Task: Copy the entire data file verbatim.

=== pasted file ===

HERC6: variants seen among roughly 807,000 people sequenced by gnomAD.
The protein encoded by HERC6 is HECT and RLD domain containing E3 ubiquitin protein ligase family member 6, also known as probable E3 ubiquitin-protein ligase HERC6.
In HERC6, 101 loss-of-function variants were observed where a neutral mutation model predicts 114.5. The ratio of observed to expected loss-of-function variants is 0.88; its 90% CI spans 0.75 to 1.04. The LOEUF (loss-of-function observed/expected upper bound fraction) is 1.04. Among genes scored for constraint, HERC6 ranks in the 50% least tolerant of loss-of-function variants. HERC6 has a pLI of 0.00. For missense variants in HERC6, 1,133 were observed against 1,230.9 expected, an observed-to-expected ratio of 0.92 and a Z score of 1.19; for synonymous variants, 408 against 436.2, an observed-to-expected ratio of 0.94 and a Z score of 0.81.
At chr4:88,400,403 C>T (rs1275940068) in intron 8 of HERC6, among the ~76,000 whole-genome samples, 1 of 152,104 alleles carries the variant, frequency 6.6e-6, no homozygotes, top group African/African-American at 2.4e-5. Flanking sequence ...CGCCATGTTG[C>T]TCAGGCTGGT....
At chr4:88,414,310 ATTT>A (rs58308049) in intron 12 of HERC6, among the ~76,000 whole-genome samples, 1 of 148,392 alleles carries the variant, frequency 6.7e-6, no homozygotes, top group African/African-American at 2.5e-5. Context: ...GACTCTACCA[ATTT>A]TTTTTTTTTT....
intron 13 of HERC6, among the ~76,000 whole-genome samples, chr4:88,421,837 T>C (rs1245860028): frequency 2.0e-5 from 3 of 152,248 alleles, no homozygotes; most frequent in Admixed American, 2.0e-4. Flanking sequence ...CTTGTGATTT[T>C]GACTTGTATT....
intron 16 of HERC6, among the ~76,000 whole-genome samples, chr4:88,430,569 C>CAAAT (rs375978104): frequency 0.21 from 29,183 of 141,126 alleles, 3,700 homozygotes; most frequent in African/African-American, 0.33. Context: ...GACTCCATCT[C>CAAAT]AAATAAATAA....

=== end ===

HERC6: variants seen among roughly 807,000 people sequenced by gnomAD.
The protein encoded by HERC6 is HECT and RLD domain containing E3 ubiquitin protein ligase family member 6, also known as probable E3 ubiquitin-protein ligase HERC6.
In HERC6, 101 loss-of-function variants were observed where a neutral mutation model predicts 114.5. The ratio of observed to expected loss-of-function variants is 0.88; its 90% CI spans 0.75 to 1.04. The LOEUF (loss-of-function observed/expected upper bound fraction) is 1.04. Among genes scored for constraint, HERC6 ranks in the 50% least tolerant of loss-of-function variants. HERC6 has a pLI of 0.00. For missense variants in HERC6, 1,133 were observed against 1,230.9 expected, an observed-to-expected ratio of 0.92 and a Z score of 1.19; for synonymous variants, 408 against 436.2, an observed-to-expected ratio of 0.94 and a Z score of 0.81.
At chr4:88,400,403 C>T (rs1275940068) in intron 8 of HERC6, among the ~76,000 whole-genome samples, 1 of 152,104 alleles carries the variant, frequency 6.6e-6, no homozygotes, top group African/African-American at 2.4e-5. Flanking sequence ...CGCCATGTTG[C>T]TCAGGCTGGT....
At chr4:88,414,310 ATTT>A (rs58308049) in intron 12 of HERC6, among the ~76,000 whole-genome samples, 1 of 148,392 alleles carries the variant, frequency 6.7e-6, no homozygotes, top group African/African-American at 2.5e-5. Context: ...GACTCTACCA[ATTT>A]TTTTTTTTTT....
intron 13 of HERC6, among the ~76,000 whole-genome samples, chr4:88,421,837 T>C (rs1245860028): frequency 2.0e-5 from 3 of 152,248 alleles, no homozygotes; most frequent in Admixed American, 2.0e-4. Flanking sequence ...CTTGTGATTT[T>C]GACTTGTATT....
intron 16 of HERC6, among the ~76,000 whole-genome samples, chr4:88,430,569 C>CAAAT (rs375978104): frequency 0.21 from 29,183 of 141,126 alleles, 3,700 homozygotes; most frequent in African/African-American, 0.33. Context: ...GACTCCATCT[C>CAAAT]AAATAAATAA....